- By Ian Ritter
- May 3, 2018
There may be fears of a lack of labor in the construction industry, but that has apparently not impacted a boom in the pipeline being experienced in commercial real estate’s office sector.
There is a vast amount of office development taking place across the country, depending on the locale, according to first-quarter research reports. This is definitely a sign that the U.S. economy is riding a good wave, due to low unemployment rates.
However, it remains to be seen if overall fundamentals can keep up with the new development pipelines. Reports by Knight Frank and JLL look at how the office industry performed in the first quarter and where it is headed.
The office development pipeline
11.1 million square feet of new office product came on the market in the first quarter, according to Newmark Knight Frank, and the firm says there is now 84.2 million square feet in progress across the country.
By far, the market with the largest amount of square footage under development is Manhattan, with 14.1 million square feet going up. Meanwhile, four markets have five million square feet or more on tap – Chicago, Seattle, Silicon Valley, and Washington, D.C.
Newmark reports that nationwide, office under construction is at 1.7% of overall existing inventory, which it considers “under control.” However, there are certain areas the firm warns about, with construction in the pipeline hitting 5% of what now exists – Raleigh/Durham, San Francisco, Seattle, and the Silicon Valley.
Among notable projects are the 1.3-million-square-foot First Street Tower, also referred to as Oceanwide Center, in San Francisco, and JPMorgan’s new Manhattan headquarters, which will rise to 70 stories when the old building is rebuilt, with work expected sometime next year.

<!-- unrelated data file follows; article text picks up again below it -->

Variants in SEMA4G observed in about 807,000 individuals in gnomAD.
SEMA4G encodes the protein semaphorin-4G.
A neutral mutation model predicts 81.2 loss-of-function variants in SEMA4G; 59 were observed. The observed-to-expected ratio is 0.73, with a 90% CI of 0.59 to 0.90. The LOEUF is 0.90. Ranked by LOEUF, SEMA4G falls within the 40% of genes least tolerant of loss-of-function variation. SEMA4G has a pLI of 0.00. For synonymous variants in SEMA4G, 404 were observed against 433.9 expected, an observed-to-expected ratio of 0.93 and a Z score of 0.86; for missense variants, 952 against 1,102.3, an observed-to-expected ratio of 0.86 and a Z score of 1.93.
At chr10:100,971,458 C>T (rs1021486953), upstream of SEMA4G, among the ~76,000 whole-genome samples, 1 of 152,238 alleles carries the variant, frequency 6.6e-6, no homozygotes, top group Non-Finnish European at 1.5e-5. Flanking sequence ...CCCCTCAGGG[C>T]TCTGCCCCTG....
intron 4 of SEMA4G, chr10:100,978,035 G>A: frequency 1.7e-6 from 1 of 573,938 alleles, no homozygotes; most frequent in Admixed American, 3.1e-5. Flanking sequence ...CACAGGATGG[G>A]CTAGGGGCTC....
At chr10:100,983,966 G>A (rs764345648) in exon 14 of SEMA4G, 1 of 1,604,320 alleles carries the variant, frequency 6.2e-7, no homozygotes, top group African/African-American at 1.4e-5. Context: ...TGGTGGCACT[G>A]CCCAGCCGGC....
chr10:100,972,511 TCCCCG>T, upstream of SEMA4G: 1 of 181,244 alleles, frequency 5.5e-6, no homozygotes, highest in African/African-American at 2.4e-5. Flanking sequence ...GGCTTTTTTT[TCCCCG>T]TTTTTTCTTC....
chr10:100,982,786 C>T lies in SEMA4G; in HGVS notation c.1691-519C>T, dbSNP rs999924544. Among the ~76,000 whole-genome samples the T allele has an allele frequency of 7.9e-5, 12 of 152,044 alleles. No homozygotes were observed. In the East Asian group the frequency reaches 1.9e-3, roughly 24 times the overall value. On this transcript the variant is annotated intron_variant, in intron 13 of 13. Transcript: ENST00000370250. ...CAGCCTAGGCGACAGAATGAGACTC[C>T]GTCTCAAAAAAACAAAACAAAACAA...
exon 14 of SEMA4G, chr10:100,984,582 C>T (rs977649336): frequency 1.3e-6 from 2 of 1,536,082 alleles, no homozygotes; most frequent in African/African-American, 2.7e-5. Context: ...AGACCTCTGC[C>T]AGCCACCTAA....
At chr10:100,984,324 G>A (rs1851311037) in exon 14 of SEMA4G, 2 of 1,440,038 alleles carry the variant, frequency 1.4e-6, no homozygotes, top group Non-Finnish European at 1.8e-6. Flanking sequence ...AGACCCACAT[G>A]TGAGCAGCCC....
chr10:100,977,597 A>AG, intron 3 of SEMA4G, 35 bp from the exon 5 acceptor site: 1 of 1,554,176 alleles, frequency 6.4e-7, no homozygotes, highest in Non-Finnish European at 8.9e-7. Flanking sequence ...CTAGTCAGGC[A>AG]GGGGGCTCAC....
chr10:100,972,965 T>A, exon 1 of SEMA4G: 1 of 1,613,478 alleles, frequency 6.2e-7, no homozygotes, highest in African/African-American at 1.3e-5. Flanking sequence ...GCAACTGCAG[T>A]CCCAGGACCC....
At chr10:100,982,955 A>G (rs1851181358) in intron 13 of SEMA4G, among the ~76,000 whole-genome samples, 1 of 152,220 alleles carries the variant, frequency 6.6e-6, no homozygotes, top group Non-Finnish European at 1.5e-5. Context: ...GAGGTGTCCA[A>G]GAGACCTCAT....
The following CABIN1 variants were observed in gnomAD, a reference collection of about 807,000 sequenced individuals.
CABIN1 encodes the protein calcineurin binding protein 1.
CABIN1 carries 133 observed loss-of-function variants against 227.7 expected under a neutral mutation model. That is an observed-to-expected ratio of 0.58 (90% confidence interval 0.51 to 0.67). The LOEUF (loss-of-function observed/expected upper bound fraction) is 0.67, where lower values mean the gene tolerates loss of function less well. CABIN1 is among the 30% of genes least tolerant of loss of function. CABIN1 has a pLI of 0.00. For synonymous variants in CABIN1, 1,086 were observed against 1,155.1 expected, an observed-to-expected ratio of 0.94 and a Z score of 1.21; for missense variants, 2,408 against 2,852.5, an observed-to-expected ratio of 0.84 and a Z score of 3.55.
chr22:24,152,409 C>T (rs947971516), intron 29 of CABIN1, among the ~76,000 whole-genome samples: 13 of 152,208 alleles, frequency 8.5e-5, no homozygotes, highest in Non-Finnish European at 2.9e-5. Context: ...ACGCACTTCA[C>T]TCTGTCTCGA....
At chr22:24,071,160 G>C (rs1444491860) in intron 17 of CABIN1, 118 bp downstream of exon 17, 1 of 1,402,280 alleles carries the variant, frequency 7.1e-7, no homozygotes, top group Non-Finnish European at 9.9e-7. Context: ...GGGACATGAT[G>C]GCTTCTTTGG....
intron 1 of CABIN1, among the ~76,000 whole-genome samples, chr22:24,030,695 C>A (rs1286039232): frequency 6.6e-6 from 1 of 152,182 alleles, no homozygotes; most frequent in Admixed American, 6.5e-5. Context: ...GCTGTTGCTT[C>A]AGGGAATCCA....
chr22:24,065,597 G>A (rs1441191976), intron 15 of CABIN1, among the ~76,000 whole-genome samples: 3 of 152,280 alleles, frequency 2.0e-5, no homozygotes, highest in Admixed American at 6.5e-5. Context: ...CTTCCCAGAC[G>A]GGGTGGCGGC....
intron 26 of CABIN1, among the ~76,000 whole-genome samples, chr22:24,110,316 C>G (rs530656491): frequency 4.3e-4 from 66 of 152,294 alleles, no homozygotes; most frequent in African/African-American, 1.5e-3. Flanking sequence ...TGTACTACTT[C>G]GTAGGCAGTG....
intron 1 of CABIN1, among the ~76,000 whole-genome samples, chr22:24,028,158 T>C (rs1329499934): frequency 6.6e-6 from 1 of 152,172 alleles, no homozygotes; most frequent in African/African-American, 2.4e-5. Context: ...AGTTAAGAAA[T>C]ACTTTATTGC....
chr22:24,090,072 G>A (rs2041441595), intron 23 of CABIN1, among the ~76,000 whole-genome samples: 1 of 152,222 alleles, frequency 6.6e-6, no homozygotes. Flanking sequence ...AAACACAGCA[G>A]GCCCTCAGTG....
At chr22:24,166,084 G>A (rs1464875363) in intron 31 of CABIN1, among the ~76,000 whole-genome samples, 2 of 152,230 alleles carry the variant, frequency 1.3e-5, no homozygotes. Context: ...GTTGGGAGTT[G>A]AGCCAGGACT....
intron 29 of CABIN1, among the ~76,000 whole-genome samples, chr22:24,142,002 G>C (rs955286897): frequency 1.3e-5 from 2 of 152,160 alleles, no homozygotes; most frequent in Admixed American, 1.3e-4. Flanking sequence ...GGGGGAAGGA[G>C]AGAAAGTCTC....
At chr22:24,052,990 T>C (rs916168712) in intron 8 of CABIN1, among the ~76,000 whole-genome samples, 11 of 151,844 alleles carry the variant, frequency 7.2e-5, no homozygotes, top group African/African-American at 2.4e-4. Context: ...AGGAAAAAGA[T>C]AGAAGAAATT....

What does it mean for vacancy rates?
At least in the short term, a JLL report says that the new developments coming online will increase vacancy rates in some markets through the first half of next year, though the firm points out that at 14.8% in the first quarter, the rate remained unchanged from the prior period.
There was also a difference in the demand for particular types of offices. First-quarter vacancy for class A product in the CBDs fell 20 basis points, to 11.9%, while suburban offices, though showing a marked improvement since the Great Recession, saw vacancies rise 20 basis points, hitting 16.6%.
Of the major metros surveyed by JLL, Oakland, California’s, downtown had the lowest vacancy rate, at 7.6%, followed by New York City, at 8.5%. Among the highest were Houston, at 23.8%, and Fairfield, Connecticut at 23.9%. And the markets to watch? The report noted Oakland and the nearby East Bay and Sacramento, Detroit, Fort Worth, and Long Island.
The outlook for office fundamentals
Newmark suggests that growth in the professional and business-services sectors could play a role in future office success, despite uncertainty about where the economy will head due to increasing interest rates and uncertainty about how tax reform could shake out.
There is also the WeWork factor. JLL said that it and other co-working spaces have led the U.S. office sector in leasing activity, and that does not seem to be slowing down. For its part, WeWork continues to grow rapidly, making a continued serious push to lease to Fortune 500 companies, such as General Motors, HSBC and Microsoft. It is now paying $18 billion in rent for 14 million square feet of space.
The good thing about WeWork being a leasing leader now is that its tenant base is so diverse, and if one aspect of the economy falters, others can pick up the slack. However, if the economy continues its strong run, the overall office sector should remain in a good spot regardless.